A photography exhibit about Aung San Suu Kyi's successful campaign for Parliament is showing just how far Myanmar has come since ending a half century of military rule.
The works being shown in Suu Kyi's hometown of Yangon were taken by local photojournalists. Before President Thein Sein's government began its reforms last year, photos of Suu Kyi were rarely seen in the tightly controlled media. But since then, there has been a flowering of new publications, and her image _ a selling point _ is hard to avoid.
An enthusiastic Suu Kyi attended the vernissage Thursday of "Aung San Suu Kyi: The Burmese Way to Democracy," which catalogues the historic political campaign that propelled the longtime political prisoner to a seat in Parliament.
Touring the exhibit with the photojournalists who took the images, she thanked them for capturing moments of the campaign that she hadn't originally noticed.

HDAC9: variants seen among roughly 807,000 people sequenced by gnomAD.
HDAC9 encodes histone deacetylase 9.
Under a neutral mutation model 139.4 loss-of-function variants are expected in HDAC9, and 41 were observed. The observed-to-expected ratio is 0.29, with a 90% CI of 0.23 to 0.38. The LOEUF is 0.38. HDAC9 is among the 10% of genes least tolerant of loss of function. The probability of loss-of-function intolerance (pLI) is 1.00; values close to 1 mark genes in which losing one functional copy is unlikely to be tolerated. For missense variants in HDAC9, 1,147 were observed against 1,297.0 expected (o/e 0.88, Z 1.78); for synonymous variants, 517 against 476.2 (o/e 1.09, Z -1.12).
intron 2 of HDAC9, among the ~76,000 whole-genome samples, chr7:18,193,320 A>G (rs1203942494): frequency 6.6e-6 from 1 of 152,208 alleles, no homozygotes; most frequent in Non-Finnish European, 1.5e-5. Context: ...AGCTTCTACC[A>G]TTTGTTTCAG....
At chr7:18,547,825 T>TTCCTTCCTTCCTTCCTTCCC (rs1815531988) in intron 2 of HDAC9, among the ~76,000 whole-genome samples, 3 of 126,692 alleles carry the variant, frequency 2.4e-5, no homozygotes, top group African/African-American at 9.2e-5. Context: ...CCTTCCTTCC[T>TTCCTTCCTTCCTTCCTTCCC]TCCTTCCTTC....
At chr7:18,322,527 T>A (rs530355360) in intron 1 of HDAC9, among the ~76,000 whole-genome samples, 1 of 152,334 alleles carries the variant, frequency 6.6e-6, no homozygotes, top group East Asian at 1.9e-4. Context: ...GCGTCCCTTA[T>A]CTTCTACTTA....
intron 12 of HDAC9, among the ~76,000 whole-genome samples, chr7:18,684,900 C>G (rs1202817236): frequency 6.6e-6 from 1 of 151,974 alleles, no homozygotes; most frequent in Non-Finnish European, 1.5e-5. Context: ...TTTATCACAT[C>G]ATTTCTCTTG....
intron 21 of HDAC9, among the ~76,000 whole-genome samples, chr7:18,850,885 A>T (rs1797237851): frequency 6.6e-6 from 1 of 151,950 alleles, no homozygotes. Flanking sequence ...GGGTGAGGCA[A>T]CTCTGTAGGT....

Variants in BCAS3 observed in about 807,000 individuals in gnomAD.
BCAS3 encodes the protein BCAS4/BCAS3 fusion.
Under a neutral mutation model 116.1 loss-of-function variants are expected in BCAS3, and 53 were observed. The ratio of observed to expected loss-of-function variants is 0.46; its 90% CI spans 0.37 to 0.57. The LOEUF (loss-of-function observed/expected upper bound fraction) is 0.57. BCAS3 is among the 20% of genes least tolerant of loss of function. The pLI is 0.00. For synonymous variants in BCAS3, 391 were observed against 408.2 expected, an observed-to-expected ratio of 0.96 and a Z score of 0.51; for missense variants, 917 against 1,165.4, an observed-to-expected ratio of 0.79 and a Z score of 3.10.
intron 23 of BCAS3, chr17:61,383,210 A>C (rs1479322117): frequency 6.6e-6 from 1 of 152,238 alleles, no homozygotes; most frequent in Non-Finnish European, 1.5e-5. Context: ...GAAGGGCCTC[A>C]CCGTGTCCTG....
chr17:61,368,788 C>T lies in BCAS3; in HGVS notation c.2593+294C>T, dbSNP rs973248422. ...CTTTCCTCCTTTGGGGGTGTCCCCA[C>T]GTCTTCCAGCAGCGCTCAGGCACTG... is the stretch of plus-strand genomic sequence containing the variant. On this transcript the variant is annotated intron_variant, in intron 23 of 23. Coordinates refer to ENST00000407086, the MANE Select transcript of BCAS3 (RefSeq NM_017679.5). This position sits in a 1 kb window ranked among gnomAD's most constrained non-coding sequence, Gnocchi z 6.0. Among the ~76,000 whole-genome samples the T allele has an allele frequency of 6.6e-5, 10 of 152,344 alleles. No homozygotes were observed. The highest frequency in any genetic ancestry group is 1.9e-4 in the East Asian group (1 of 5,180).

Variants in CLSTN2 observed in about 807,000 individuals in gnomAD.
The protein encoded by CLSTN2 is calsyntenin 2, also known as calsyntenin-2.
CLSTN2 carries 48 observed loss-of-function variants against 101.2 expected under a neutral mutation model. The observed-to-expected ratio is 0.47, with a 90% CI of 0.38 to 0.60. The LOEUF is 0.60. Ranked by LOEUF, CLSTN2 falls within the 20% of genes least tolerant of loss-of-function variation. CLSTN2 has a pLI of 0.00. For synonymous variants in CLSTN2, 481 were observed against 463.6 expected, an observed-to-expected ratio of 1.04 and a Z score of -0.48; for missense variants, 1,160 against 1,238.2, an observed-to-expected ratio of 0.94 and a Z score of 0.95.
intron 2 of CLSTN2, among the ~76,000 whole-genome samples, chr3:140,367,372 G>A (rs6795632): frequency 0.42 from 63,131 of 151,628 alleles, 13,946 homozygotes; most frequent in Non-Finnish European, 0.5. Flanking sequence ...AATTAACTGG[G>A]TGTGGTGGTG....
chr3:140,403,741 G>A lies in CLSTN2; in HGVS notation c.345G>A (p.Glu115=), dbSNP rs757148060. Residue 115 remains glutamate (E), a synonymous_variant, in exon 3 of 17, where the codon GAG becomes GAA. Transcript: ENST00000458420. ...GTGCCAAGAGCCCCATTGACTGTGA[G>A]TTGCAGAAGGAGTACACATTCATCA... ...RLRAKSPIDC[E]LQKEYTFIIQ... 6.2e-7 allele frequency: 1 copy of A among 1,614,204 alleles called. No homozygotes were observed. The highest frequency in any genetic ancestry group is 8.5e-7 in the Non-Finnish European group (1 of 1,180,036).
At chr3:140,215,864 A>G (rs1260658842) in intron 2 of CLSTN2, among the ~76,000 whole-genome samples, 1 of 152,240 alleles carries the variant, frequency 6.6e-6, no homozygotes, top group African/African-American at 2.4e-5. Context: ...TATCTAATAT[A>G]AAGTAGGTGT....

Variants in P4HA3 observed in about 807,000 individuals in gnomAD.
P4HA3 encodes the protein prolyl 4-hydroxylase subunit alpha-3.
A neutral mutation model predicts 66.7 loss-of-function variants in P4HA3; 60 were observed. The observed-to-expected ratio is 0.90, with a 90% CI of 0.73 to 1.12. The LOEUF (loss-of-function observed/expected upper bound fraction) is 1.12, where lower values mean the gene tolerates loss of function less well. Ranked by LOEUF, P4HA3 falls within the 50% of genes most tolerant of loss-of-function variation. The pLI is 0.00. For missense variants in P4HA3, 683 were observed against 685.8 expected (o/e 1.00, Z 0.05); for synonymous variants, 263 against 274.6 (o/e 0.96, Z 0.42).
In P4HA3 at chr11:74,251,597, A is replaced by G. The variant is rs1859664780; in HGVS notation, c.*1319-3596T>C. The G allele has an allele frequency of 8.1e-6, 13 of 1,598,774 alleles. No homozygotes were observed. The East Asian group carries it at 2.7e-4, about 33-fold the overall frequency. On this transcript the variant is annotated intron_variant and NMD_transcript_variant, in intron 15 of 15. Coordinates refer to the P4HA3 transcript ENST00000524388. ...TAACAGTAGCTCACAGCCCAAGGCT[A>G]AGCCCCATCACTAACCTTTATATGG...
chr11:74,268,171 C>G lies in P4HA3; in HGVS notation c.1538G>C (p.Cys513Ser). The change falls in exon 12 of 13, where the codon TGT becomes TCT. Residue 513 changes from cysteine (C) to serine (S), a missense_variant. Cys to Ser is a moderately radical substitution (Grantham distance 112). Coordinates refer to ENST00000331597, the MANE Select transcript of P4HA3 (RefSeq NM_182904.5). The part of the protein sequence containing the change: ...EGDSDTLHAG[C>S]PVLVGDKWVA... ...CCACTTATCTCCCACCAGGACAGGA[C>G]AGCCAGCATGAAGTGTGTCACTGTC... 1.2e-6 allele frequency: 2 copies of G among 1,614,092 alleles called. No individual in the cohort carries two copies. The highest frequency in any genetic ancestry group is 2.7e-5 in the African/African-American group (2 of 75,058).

"The colors in the photos are really beautiful, especially my umbrellas," a smiling Suu Kyi said. she is fond of colorful parasols to shade against the strong sun in Myanmar.
She paused at a photo taken in her constituency, Kawhmu township, showing her greeting supporters from her campaign van. Dressed in a blue traditional Burmese outfit, Suu Kyi's red party flag flies in the wind set against a green bamboo umbrella in the background.
"This is the photo I liked the most," she said. "It's in Kawhmu township and it's colorful."
The exhibit includes 25 poster-sized photographs taken by Burmese photographers, Aung Pyae, Pyay Kyaw Myint and Min Zayar. Many of the images were published in international publications during the campaign, including Paris Match magazine, Le Monde newspaper and the International Herald Tribune.
The exhibit is part of the ongoing "Yangon Photo Festival" organized by the French Institute. It travels to France for the International Festival of Photography and will be displayed in Arles from July 2-Sept. 23.
The photos "are very special because Suu Kyi is special," said Christophe Loviny, the festival's artistic director, who said the images captured the special bond she has with the people of Myanmar. "When she meets the people there is a chemical reaction."